Over a period of two (simulated) days, in late September in the early 20th century, a battle was waged over a mountain pass on a disputed island. Beyond the pass lay a town of strategic importance, and the invaders would stop at nothing to capture it.
A force of American and Irish mercenaries had been hired to defend the town, and they had taken an oath to do so to the death. To enforce this, the defenders had two British 4.7" Field Mounted Naval Guns.
The invaders, a rogue band of French Foreign Legionnaires and former German Army regulars, came ashore on the beaches nearby and had managed to pull up a modest force consisting of forty soldiers supported by two 12cm howitzers.
In order to reach Village de l'Ombre Montagne, the invaders would have to push through the narrow Passe Ombre, Shadow's Pass. To further complicate this, the end of the pass has a fortified gate. The defenders placed the two on either side of Mesa de la Table en Bois, a small volcanic outcrop which separates the pass from larger valley. It would be daunting.
As the sun rose, the invaders began with a volley from the howitzers, only to inflict minor casualties. When the defenders returned fire, the effect was devastating, with the invaders losing many men as well as part of the artillery team in the pass itself.
That would set the tempo for the rest of the battle. The invaders never had a chance to be driven back, as they were slaughtered to a man...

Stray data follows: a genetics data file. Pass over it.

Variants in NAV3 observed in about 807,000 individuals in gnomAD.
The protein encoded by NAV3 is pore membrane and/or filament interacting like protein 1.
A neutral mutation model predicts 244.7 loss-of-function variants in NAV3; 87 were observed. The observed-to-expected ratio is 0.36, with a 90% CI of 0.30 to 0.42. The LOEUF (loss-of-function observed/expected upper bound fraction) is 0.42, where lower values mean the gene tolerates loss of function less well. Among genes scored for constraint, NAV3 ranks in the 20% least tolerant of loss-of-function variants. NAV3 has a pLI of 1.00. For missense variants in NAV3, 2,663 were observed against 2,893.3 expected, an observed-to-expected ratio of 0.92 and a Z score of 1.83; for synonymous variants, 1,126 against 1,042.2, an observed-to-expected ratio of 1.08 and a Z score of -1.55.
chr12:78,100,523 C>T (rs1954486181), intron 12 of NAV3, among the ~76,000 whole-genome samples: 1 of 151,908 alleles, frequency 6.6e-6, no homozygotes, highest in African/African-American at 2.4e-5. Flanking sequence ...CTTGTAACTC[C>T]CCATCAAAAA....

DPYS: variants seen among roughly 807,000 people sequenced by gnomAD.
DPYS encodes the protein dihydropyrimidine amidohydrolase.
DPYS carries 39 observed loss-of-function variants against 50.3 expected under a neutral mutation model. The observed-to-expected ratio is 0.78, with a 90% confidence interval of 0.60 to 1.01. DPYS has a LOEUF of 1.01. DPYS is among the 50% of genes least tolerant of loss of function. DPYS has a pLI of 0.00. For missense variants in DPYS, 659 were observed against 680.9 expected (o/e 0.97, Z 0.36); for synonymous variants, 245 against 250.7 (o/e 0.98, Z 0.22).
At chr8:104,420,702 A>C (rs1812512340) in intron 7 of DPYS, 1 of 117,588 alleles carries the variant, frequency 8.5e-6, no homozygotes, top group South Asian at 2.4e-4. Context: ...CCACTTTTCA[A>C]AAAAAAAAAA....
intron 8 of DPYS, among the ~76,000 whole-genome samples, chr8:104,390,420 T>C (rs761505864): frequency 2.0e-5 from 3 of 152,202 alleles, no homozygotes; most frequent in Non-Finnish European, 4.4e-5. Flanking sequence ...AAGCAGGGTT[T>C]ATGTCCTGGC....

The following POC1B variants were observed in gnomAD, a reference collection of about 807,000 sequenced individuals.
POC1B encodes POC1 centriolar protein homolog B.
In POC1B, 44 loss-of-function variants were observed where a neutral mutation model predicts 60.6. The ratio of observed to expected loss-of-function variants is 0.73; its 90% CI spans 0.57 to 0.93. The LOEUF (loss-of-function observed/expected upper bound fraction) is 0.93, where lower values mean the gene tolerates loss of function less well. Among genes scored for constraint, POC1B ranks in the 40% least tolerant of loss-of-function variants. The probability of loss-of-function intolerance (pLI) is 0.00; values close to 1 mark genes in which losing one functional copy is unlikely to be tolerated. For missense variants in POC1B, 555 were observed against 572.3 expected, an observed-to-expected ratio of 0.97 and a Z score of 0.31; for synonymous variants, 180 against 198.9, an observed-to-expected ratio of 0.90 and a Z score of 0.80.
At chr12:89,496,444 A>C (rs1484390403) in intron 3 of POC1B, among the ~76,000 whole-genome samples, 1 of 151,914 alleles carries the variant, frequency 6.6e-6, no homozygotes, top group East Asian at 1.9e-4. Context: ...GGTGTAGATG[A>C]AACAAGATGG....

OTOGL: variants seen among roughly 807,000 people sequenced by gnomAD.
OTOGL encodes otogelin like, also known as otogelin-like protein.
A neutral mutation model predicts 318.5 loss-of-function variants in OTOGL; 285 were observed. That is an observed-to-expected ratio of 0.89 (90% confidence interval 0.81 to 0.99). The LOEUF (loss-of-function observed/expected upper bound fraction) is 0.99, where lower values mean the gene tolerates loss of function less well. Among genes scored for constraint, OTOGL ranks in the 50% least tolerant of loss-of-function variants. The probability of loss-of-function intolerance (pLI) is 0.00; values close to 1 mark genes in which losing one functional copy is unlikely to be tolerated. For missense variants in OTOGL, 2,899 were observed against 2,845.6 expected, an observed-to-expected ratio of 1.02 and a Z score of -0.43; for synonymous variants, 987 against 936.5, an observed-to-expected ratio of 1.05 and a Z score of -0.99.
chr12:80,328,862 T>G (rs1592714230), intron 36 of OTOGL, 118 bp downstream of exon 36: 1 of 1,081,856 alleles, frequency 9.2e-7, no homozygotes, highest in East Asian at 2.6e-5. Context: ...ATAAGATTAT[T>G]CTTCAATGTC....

Breanna and I had our first real Little Wars today, and both times, yours truly was handed his hat. Initially, she defended the pass, then we swapped places, with me defending... and both times, the result was the same; she won, and by a wide margin.
If I had to guess, it was the wonderful Britain's 4.7" cannons that tilted the field of battle in her direction. Both of these guns are better than sixty years of age apiece and are equipped with elevation gear and hammer firing mechanisms.
They are very sophisticated compared to the simple "point-pull-hope" spring equipped Barclays. They can truly be aimed with a degree of accuracy, and their breach loading ability keeps them fixed on target.
But it was great fun.
The snap of the hammer.
The click of the spring powered plungers.
The soft thud of rounds impacting soft plastic.
"My argument is that War makes rattling good history; but Peace is poor reading." - Thomas Hardy